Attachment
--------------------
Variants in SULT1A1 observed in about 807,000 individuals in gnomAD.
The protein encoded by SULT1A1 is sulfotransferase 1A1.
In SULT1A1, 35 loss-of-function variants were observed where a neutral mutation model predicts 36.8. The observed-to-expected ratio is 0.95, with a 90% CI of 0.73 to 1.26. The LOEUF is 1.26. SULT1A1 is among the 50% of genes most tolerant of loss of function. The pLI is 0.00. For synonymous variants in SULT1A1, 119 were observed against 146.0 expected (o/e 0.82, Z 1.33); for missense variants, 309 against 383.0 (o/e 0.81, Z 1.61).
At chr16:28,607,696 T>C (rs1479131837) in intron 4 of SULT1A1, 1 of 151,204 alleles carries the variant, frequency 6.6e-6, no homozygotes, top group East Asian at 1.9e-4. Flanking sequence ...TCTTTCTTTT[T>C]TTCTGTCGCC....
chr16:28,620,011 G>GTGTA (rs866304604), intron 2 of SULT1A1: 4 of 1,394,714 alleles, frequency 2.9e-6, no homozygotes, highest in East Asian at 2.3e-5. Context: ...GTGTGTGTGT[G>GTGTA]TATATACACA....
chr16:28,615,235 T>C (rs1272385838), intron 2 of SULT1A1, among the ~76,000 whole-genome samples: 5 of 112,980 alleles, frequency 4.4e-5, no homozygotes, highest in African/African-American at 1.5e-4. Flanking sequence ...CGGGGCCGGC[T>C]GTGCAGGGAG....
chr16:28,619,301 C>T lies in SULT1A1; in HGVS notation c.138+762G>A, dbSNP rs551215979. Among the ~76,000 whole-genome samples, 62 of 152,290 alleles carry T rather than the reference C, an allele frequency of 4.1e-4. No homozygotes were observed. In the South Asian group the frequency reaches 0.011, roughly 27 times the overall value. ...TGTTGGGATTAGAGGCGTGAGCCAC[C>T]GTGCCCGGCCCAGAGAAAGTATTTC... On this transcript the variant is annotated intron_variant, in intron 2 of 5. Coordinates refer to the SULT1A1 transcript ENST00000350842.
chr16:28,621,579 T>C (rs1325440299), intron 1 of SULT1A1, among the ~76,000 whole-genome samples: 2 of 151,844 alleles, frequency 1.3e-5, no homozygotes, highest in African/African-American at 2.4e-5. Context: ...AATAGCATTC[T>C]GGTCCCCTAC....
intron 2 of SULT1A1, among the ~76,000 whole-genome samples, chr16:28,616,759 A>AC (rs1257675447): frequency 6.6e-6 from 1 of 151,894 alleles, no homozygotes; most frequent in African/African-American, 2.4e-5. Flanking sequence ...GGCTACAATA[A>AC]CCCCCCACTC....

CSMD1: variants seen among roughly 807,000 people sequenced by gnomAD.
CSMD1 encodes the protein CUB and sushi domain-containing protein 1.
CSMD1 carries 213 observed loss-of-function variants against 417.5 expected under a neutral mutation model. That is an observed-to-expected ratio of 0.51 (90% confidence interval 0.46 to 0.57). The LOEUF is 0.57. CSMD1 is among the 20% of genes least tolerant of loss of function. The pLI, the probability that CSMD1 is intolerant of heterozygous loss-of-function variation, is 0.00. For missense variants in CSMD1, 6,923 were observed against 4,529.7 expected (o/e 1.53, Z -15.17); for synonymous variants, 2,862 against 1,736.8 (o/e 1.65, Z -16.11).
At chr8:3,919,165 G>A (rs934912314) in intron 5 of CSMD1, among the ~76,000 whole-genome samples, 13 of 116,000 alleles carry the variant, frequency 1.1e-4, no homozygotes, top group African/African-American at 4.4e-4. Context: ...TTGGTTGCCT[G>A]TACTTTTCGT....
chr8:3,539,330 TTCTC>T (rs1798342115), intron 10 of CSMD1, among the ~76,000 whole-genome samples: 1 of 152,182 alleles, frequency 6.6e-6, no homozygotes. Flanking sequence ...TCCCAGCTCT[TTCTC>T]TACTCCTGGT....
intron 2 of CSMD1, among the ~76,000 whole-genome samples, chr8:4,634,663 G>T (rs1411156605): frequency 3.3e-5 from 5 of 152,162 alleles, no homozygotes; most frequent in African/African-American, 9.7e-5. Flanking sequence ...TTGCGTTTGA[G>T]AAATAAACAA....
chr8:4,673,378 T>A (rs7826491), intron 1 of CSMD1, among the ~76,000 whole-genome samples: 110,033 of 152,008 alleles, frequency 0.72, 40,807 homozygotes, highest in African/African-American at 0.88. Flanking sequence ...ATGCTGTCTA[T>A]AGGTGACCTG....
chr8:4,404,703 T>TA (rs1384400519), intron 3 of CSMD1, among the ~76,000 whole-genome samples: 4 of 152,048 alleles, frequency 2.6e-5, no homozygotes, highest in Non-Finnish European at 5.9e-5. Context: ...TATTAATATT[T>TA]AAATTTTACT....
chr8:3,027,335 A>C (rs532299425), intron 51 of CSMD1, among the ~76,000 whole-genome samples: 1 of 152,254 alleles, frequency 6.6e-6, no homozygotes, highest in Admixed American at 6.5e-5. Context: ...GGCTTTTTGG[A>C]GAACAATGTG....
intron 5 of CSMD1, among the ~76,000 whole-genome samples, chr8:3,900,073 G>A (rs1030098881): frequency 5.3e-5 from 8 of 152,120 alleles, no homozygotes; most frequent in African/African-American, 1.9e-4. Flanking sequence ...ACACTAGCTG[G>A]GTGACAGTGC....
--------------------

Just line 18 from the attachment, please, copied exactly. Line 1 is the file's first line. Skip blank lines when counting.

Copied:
chr8:3,027,335 A>C (rs532299425), intron 51 of CSMD1, among the ~76,000 whole-genome samples: 1 of 152,254 alleles, frequency 6.6e-6, no homozygotes, highest in Admixed American at 6.5e-5. Context: ...GGCTTTTTGG[A>C]GAACAATGTG....